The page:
17 at the beginning of the month, he or she would have approximately 60 more days to elect COBRA. However, if this same individual does not meet the eligibility criteria until the end of the month, the 60 days are still measured from the first of the month, in effect giving the individual about 30 days. Additionally, a COBRA election must be made no later than 6 months after the date of the TAA- related loss of coverage. COBRA coverage chosen during the second election period typically begins on the first day of that period. More information about the Trade Act is available at doleta.gov/ tradeact/ . Role of the Federal Government COBRA continuation coverage laws are administered by several agencies. The Departments of Labor and the Treasury have jurisdiction over private-sector group health plans. The Department of Health and Human Services administers the continuation coverage law as it applies to state and local government health plans. The Labor Department’s interpretive responsibility for COBRA is limited to the disclosure and notification requirements of COBRA. The Labor Department has issued regulations on the COBRA notice provisions. The Treasury Department has interpretive responsibility to define the required continuation coverage. The Internal Revenue Service, Department of the Treasury, has issued regulations on COBRA provisions relating to eligibility, coverage, and payment. The Departments of Labor and the Treasury share jurisdiction for enforcement of these provisions. Resources dol. If you need further information about COBRA, the Affordable Care Act, HIPAA, or ERISA, visit gov/agencies/ebsa Or contact the Employee Benefits Security Administration at askebsa.dol.gov or . call toll free 1-866-444-3272. The and for Medicaid Services offer information about COBRA provisions for Medicare Centers public-sector employees. To find out more, visit cms.gov or contact the agency via email at or by calling toll free at 1-877-267-2323, ext. 6-1565. [email protected] Federal employees are covered by a federal law similar to COBRA. Those employees should contact the personnel office serving their agency for more information on temporary extensions of health benefits. For more information on the Affordable Care Act, visit HealthCare.gov . Further information on the Family and Medical Leave Act is available at or by calling dol.gov/whd toll free 1-866-487-9243. For information on the Trade Adjustment Assistance (TAA) Program, visit doleta.gov/tradeact/ . For information about the health coverage tax credit, visit IRS.gov/credits-deductions/ . individuals/hctc UNITED STATES DEPARTMENT OF LABOR 14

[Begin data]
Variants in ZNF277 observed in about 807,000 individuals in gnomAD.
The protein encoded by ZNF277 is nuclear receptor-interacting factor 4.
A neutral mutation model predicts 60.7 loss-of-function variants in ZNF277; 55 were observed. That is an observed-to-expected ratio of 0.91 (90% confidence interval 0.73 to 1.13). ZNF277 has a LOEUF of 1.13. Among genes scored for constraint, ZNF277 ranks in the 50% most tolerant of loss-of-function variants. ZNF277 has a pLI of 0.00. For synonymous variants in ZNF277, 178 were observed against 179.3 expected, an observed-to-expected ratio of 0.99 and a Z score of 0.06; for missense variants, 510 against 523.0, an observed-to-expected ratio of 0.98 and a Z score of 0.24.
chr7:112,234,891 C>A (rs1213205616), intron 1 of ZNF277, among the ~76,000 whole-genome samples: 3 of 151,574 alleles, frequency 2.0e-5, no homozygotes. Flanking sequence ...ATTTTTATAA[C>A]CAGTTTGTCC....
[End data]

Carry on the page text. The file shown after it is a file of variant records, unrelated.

18 EMPLOYEE BENEFITS SECURITY ADMINISTRATION UNITED STATES DEPARTMENT OF LABOR September 2018